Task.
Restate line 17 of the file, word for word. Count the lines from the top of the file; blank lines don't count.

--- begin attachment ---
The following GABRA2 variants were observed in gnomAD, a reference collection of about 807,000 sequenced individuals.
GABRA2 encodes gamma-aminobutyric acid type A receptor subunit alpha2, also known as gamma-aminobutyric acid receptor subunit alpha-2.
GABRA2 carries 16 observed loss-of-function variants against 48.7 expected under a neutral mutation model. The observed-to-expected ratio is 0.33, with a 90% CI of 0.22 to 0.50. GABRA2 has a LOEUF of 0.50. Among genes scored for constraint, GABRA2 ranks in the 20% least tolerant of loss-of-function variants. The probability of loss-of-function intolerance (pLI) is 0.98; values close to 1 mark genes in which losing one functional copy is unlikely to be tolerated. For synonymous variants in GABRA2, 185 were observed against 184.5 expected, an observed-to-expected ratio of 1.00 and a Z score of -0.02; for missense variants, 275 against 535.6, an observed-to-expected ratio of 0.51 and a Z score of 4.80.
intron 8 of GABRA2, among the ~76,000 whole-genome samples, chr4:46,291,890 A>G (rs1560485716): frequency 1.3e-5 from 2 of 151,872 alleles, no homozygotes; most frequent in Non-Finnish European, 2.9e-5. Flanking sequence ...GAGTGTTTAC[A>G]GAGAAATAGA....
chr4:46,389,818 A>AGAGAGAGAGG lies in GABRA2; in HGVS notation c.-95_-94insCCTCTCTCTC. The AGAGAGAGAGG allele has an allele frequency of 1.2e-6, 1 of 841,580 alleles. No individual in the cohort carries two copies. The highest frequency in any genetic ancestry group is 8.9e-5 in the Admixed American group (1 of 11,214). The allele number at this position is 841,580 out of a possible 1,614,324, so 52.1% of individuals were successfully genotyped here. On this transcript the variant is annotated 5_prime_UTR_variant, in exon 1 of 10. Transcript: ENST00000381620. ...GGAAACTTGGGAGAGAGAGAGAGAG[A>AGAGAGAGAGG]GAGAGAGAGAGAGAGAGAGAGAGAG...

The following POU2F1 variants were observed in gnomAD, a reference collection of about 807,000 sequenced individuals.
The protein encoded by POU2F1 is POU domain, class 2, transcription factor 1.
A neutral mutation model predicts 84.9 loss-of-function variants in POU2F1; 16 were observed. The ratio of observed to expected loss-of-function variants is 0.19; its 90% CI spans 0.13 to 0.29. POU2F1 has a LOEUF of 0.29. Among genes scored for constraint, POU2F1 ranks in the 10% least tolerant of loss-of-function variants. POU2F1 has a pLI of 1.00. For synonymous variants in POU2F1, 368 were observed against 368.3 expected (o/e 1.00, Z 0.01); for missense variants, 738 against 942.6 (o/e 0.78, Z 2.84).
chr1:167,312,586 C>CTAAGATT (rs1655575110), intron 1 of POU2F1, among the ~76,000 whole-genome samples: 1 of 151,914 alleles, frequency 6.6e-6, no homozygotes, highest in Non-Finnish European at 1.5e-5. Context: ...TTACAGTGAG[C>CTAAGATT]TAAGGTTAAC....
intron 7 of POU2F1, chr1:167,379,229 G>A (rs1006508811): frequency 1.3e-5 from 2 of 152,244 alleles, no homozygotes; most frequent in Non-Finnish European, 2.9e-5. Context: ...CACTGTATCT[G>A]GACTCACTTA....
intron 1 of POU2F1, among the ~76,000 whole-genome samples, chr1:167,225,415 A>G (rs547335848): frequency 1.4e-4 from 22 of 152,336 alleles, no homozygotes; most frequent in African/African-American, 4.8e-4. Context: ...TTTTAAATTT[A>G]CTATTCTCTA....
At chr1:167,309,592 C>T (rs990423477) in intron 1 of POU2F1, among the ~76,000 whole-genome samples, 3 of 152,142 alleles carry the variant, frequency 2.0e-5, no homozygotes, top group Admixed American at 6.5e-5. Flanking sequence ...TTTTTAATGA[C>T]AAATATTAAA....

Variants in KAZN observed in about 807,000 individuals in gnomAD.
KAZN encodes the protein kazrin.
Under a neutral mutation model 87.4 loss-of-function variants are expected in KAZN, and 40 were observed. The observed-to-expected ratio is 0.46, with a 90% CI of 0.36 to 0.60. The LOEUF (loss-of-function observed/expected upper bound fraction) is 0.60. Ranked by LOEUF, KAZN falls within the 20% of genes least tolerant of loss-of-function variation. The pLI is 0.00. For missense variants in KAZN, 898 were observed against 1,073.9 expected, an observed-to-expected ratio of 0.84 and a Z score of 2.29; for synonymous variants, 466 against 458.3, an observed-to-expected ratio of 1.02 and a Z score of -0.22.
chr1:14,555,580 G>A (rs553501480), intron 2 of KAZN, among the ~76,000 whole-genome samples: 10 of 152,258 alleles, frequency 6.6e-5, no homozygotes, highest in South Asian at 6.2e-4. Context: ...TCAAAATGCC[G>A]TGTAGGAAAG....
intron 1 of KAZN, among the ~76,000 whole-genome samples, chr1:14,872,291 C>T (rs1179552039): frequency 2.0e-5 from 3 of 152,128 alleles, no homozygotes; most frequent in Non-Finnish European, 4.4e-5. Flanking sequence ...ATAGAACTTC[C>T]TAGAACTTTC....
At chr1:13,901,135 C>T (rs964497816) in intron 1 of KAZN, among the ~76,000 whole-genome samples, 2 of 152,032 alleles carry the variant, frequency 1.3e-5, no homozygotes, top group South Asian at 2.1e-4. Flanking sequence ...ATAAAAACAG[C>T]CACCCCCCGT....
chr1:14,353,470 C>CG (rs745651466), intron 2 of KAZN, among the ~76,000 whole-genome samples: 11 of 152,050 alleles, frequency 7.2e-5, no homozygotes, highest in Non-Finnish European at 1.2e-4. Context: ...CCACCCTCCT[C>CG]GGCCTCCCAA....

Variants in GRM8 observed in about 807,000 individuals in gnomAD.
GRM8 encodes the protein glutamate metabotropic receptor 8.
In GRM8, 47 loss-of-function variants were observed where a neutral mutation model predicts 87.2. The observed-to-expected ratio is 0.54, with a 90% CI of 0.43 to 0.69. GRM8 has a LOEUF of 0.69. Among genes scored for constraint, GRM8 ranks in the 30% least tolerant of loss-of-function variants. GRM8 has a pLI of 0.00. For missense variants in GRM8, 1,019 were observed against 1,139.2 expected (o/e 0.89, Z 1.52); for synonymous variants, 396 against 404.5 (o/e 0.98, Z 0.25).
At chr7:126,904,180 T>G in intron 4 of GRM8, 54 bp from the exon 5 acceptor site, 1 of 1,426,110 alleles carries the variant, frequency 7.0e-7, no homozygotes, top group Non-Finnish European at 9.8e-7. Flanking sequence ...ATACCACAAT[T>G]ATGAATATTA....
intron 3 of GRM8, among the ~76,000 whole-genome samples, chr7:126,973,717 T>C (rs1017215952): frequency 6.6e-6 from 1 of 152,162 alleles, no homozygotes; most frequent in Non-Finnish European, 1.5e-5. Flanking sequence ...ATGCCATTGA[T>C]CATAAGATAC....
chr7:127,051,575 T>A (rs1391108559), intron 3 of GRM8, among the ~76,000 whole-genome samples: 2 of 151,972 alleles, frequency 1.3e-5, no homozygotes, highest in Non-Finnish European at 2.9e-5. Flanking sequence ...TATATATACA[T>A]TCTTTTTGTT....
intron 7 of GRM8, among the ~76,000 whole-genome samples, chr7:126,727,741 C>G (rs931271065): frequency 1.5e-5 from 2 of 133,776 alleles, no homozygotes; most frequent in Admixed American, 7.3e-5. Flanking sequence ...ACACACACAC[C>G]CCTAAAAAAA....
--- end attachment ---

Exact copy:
intron 1 of KAZN, among the ~76,000 whole-genome samples, chr1:14,872,291 C>T (rs1179552039): frequency 2.0e-5 from 3 of 152,128 alleles, no homozygotes; most frequent in Non-Finnish European, 4.4e-5. Flanking sequence ...ATAGAACTTC[C>T]TAGAACTTTC....